Cheese is great. There really is no denying that. It’s insanely yummy, can be paired with pretty much anything, and comes in lots of different varieties. Today we’re talking about Muenster cheese.
Take a Look ↓↓↓
Despite the fact that its name sounds like it should be German, Muenster cheese is actually proudly American. However, as you probably expect, this cheese is of German origin. It was brought over to the United States by Alsatian immigrants during the 19th Century, and has evolved from there into the Muenster cheese that we know and love today.
But while you love Muenster cheese, you might not actually know that much about this delicious delicacy. American Muenster cheese is one of the best loved cheeses in the USA. Not only among children, but also among adults too. I love it on a nice grilled cheese. Call me crazy but I still like a nice grilled cheese sandwich or tuna melts. That rich cheese taste is awesome.
So, if you want to find out more about this wonderful cheese, then you’re in the right place. To help you out, we’ve put together this comprehensive guide, all about Muenster cheese. So read on to find out more.
What is Muenster Cheese?
Well, as we have already established, Muenster cheese is, in fact, cheese. As we have said, American Muenster is one of the most popular cheeses in the USA, and this is mainly because it has excellent melting properties.
These excellent melting properties come from the fact that Muenster is a semi soft cheese. This texture often means that it is very light, almost white, in color. It is also partly caused by the fact that this cheese is quite buttery in taste, which is partly responsible for its softer texture. It's mild flavor is made with cow's milk.
If you are a cheese enthusiast, then you probably will have heard of the French cheese ‘Munster’, and wondered if there is any relationship between this and the American Muenster. In fact, there is, as American Muenster is essentially an imitation of French Munster.
This is because the French Munster was brought over to the USA by Alsatian Immigrants, but due to different cultures and environments, the aging process changed slightly. This is what has caused American Muenster to become an entirely different cheese from French Muenster.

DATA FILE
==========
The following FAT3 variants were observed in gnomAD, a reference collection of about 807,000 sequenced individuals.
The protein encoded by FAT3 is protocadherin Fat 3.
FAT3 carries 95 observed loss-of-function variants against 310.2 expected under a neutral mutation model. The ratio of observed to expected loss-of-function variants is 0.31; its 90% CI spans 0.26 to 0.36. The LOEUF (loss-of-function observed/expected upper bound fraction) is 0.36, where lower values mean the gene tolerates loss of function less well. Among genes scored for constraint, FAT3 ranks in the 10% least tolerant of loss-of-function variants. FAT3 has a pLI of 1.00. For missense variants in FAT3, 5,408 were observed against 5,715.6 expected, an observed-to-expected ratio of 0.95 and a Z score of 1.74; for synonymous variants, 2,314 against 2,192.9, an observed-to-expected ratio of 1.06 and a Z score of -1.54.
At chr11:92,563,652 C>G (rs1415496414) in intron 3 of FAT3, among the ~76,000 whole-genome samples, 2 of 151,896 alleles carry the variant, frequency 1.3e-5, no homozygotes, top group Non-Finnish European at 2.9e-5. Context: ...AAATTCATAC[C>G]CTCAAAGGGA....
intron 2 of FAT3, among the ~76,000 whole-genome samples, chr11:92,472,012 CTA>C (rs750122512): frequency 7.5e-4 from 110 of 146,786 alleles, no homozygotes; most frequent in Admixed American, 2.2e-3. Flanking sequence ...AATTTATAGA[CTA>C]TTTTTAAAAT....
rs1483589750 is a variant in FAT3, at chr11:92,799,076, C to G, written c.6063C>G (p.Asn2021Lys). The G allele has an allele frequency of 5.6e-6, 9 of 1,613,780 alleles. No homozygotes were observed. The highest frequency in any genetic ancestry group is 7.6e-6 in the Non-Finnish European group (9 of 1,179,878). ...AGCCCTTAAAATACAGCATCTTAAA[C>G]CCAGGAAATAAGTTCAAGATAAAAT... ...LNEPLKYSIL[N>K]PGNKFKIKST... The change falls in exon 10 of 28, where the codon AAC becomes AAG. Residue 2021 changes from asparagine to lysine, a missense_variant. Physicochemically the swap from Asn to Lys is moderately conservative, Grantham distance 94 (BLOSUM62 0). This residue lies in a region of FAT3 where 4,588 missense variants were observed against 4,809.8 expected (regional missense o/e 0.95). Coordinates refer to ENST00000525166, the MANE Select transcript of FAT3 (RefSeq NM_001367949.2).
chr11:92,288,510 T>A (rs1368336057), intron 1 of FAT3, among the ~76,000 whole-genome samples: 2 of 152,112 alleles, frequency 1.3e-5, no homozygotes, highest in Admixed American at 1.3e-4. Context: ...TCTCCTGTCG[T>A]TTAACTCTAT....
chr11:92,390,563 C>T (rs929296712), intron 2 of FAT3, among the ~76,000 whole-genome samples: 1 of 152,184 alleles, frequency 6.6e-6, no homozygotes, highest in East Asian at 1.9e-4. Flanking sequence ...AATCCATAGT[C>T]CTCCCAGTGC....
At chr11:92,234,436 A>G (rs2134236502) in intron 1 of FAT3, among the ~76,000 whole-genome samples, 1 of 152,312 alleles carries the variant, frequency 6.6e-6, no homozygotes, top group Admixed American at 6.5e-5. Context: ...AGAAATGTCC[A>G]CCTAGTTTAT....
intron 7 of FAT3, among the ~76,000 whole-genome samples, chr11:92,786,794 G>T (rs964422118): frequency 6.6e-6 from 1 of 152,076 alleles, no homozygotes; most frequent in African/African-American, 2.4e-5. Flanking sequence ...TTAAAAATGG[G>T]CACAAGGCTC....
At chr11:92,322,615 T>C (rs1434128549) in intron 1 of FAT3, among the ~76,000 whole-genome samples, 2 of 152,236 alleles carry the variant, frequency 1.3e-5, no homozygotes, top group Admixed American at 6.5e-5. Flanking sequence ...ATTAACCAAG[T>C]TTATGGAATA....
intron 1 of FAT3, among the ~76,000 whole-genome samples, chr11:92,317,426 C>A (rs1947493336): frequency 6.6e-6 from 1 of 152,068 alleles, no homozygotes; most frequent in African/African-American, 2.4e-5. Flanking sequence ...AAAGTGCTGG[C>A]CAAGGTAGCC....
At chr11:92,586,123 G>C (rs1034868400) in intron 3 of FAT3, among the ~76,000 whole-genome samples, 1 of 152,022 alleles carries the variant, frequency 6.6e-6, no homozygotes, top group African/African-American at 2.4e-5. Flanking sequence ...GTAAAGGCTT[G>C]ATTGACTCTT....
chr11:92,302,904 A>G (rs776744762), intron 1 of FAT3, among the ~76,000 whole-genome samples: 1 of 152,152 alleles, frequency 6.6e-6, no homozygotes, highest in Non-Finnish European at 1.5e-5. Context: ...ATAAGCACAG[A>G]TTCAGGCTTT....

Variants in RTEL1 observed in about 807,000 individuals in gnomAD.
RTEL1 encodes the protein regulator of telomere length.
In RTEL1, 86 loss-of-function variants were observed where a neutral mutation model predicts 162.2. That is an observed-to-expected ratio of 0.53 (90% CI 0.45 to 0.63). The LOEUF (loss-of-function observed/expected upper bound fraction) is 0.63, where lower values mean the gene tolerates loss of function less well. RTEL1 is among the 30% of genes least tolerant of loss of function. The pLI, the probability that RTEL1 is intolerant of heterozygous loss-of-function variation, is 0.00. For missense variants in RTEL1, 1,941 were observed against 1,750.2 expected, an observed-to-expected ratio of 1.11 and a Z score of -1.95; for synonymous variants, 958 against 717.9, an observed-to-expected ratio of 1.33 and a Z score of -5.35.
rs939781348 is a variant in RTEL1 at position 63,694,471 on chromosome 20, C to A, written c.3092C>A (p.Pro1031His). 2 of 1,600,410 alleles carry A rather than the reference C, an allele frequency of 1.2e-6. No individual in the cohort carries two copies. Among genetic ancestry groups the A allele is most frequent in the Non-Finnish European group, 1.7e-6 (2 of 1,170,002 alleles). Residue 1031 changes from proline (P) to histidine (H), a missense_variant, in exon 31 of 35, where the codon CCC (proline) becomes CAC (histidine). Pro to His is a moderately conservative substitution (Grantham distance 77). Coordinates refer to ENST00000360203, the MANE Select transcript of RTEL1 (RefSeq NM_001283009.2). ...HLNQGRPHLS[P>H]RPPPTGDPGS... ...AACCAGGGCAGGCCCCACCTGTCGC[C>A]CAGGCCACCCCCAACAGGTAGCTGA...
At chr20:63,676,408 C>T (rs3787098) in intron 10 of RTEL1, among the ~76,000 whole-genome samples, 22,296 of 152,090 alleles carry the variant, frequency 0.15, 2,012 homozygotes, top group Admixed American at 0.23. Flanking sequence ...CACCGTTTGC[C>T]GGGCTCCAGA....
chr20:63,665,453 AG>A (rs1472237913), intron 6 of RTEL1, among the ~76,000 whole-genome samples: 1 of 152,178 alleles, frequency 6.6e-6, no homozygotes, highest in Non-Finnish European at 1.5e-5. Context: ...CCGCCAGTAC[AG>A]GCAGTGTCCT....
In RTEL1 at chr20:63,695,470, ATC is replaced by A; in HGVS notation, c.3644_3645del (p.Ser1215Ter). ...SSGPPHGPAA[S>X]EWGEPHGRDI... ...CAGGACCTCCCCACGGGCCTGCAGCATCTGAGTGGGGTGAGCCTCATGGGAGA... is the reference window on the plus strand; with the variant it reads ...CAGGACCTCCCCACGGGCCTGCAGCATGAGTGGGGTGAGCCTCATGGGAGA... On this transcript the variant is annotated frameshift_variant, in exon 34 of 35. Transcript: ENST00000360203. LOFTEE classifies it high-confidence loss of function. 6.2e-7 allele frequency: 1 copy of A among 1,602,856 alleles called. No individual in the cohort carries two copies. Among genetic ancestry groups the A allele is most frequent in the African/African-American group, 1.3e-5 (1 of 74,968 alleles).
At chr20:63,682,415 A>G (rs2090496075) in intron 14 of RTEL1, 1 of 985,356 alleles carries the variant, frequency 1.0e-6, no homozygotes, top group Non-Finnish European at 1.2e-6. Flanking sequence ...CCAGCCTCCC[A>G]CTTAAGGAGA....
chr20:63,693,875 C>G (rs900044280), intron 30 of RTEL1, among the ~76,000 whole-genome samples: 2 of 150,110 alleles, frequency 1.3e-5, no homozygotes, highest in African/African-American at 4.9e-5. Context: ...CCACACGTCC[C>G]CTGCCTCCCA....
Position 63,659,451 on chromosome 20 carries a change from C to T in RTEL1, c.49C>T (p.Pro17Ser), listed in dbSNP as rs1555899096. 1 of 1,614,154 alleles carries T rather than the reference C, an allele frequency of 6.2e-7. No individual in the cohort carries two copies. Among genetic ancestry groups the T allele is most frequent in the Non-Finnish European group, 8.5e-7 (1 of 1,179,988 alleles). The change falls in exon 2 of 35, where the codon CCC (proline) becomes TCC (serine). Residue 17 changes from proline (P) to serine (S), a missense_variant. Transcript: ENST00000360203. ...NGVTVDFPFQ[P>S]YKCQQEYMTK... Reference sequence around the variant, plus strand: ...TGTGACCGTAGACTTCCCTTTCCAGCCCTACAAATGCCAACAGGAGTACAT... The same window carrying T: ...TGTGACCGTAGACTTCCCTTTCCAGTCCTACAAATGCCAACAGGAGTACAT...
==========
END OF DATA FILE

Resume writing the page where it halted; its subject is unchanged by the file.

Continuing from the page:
Based on this, you might be puzzled by what we meant when we said earlier that Muenster cheese is of Germanic origin. But, the ‘Alsace’ region of France is found on the border of France and Germany, so throughout history ownership of this region has continually crossed hands. Hence, the Germanic name for this French cheese.
Muenster Cheese Origin: Where does Muenster Cheese come from?
Seeing as we have already covered where Muenster cheese originated from, let’s take a look at how it is made. As you may expect, the production process for Muenster cheese is very similar to the manufacturing process for traditional Alsatian Munster cheese. However, different companies will produce this cheese slightly differently from one another.
To begin the production process, most cheesemakers begin with whole pasteurized cows milk, but a very small portion of cheese makers will use goats milk. Using large vats, the milk is then heated up to a temperature of 90 degrees Fahrenheit (32 degrees Celsius). At this temperature, the mesophilic lactic acid is activated, which will produce the enzyme that solidifies the milk and turns it into curds.
Once these curds have formed, workers cut them into 1 cm squares and cook them briefly at a heat of 100 degrees Fahrenheit (38 °C). Once this is done, the curds are then ladled for shaping, and drained through the use of light pressure. Following this, the curds are aged through the use of high humidity in cold temperatures. The aging process can take anywhere between 3 weeks and 3 months depending on the size of the cheese. But, once this is done, you will have Muenster cheese that is ready to use.
What does Muenster Cheese taste like?
While you may have heard of Muenster cheese, there is a good chance that you haven’t actually tasted it. Some people can find the orange exterior of this cheese is off-putting as it suggests that the cheese may be spicy, but in fact this isn’t the case.
Muenster cheese is actually very mellow. This is mainly because this type of cheese is generally used when it is quite young, so it doesn’t have as long to mature as some other, stronger cheeses. So, as long as this cheese is used fairly quickly after the aging process, then it generally has a mild taste. So it's different than swiss cheese, cream cheese, blue cheese, gouda, and provolone.
But, while it is mild, Muenster does have a salty kick to it. This is another reason why this cheese is great for melting, as it is seemingly already seasoned. It is earthy and rich, but in no way is it spicy. So don’t let the orange rind of this cheese put you off.
Different Types of Muenster Cheese
As we have already established, there are a few different variations of Muenster cheese. So, let’s take a quick look at what these are.